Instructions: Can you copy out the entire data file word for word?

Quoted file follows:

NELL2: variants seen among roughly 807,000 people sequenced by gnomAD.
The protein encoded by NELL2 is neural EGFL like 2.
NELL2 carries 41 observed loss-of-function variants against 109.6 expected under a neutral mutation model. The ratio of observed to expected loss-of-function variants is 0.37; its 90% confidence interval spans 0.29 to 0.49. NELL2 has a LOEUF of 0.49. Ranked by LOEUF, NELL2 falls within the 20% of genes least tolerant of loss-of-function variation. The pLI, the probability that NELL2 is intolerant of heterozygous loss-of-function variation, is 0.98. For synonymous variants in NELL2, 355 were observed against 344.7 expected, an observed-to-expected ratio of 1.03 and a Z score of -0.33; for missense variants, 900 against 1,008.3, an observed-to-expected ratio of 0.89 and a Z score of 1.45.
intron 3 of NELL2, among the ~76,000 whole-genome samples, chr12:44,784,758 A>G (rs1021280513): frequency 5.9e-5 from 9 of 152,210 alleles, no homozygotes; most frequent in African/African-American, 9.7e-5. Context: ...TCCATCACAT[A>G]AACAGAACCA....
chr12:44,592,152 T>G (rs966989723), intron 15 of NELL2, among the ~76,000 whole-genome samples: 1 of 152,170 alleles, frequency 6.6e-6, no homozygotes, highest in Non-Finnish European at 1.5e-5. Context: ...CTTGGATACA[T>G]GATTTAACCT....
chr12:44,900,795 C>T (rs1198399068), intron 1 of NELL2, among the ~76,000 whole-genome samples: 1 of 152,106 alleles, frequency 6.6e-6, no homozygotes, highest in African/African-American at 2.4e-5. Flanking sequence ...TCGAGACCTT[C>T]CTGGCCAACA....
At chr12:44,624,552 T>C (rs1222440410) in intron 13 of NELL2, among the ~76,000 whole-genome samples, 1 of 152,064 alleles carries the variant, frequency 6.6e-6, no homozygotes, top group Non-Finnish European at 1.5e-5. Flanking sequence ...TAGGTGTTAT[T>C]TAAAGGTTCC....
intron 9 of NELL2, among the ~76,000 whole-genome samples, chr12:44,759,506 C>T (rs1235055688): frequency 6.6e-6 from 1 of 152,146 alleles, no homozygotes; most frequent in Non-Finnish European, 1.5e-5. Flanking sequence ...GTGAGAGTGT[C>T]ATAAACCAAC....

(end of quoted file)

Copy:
NELL2: variants seen among roughly 807,000 people sequenced by gnomAD.
The protein encoded by NELL2 is neural EGFL like 2.
NELL2 carries 41 observed loss-of-function variants against 109.6 expected under a neutral mutation model. The ratio of observed to expected loss-of-function variants is 0.37; its 90% confidence interval spans 0.29 to 0.49. NELL2 has a LOEUF of 0.49. Ranked by LOEUF, NELL2 falls within the 20% of genes least tolerant of loss-of-function variation. The pLI, the probability that NELL2 is intolerant of heterozygous loss-of-function variation, is 0.98. For synonymous variants in NELL2, 355 were observed against 344.7 expected, an observed-to-expected ratio of 1.03 and a Z score of -0.33; for missense variants, 900 against 1,008.3, an observed-to-expected ratio of 0.89 and a Z score of 1.45.
intron 3 of NELL2, among the ~76,000 whole-genome samples, chr12:44,784,758 A>G (rs1021280513): frequency 5.9e-5 from 9 of 152,210 alleles, no homozygotes; most frequent in African/African-American, 9.7e-5. Context: ...TCCATCACAT[A>G]AACAGAACCA....
chr12:44,592,152 T>G (rs966989723), intron 15 of NELL2, among the ~76,000 whole-genome samples: 1 of 152,170 alleles, frequency 6.6e-6, no homozygotes, highest in Non-Finnish European at 1.5e-5. Context: ...CTTGGATACA[T>G]GATTTAACCT....
chr12:44,900,795 C>T (rs1198399068), intron 1 of NELL2, among the ~76,000 whole-genome samples: 1 of 152,106 alleles, frequency 6.6e-6, no homozygotes, highest in African/African-American at 2.4e-5. Flanking sequence ...TCGAGACCTT[C>T]CTGGCCAACA....
At chr12:44,624,552 T>C (rs1222440410) in intron 13 of NELL2, among the ~76,000 whole-genome samples, 1 of 152,064 alleles carries the variant, frequency 6.6e-6, no homozygotes, top group Non-Finnish European at 1.5e-5. Flanking sequence ...TAGGTGTTAT[T>C]TAAAGGTTCC....
intron 9 of NELL2, among the ~76,000 whole-genome samples, chr12:44,759,506 C>T (rs1235055688): frequency 6.6e-6 from 1 of 152,146 alleles, no homozygotes; most frequent in Non-Finnish European, 1.5e-5. Flanking sequence ...GTGAGAGTGT[C>T]ATAAACCAAC....